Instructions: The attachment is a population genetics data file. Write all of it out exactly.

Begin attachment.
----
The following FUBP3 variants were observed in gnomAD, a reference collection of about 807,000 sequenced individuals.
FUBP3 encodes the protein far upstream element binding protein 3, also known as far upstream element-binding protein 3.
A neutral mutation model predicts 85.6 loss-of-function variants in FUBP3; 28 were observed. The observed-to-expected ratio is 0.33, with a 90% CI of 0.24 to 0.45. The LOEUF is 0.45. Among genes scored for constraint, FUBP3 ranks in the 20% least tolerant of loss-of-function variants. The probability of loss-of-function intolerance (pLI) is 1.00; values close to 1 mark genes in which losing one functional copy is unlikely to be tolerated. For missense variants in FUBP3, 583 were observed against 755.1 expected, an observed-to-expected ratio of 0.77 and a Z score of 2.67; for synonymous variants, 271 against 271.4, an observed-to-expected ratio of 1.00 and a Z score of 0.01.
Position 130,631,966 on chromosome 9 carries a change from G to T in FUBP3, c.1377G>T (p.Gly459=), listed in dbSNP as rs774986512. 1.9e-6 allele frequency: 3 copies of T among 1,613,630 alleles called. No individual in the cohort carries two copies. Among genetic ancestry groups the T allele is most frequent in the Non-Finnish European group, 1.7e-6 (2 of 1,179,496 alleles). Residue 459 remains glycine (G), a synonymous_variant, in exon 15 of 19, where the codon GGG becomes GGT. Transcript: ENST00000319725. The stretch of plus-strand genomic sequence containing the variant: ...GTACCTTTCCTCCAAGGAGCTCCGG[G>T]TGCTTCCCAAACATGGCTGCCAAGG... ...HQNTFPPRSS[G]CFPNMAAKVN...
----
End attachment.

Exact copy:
The following FUBP3 variants were observed in gnomAD, a reference collection of about 807,000 sequenced individuals.
FUBP3 encodes the protein far upstream element binding protein 3, also known as far upstream element-binding protein 3.
A neutral mutation model predicts 85.6 loss-of-function variants in FUBP3; 28 were observed. The observed-to-expected ratio is 0.33, with a 90% CI of 0.24 to 0.45. The LOEUF is 0.45. Among genes scored for constraint, FUBP3 ranks in the 20% least tolerant of loss-of-function variants. The probability of loss-of-function intolerance (pLI) is 1.00; values close to 1 mark genes in which losing one functional copy is unlikely to be tolerated. For missense variants in FUBP3, 583 were observed against 755.1 expected, an observed-to-expected ratio of 0.77 and a Z score of 2.67; for synonymous variants, 271 against 271.4, an observed-to-expected ratio of 1.00 and a Z score of 0.01.
Position 130,631,966 on chromosome 9 carries a change from G to T in FUBP3, c.1377G>T (p.Gly459=), listed in dbSNP as rs774986512. 1.9e-6 allele frequency: 3 copies of T among 1,613,630 alleles called. No individual in the cohort carries two copies. Among genetic ancestry groups the T allele is most frequent in the Non-Finnish European group, 1.7e-6 (2 of 1,179,496 alleles). Residue 459 remains glycine (G), a synonymous_variant, in exon 15 of 19, where the codon GGG becomes GGT. Transcript: ENST00000319725. The stretch of plus-strand genomic sequence containing the variant: ...GTACCTTTCCTCCAAGGAGCTCCGG[G>T]TGCTTCCCAAACATGGCTGCCAAGG... ...HQNTFPPRSS[G]CFPNMAAKVN...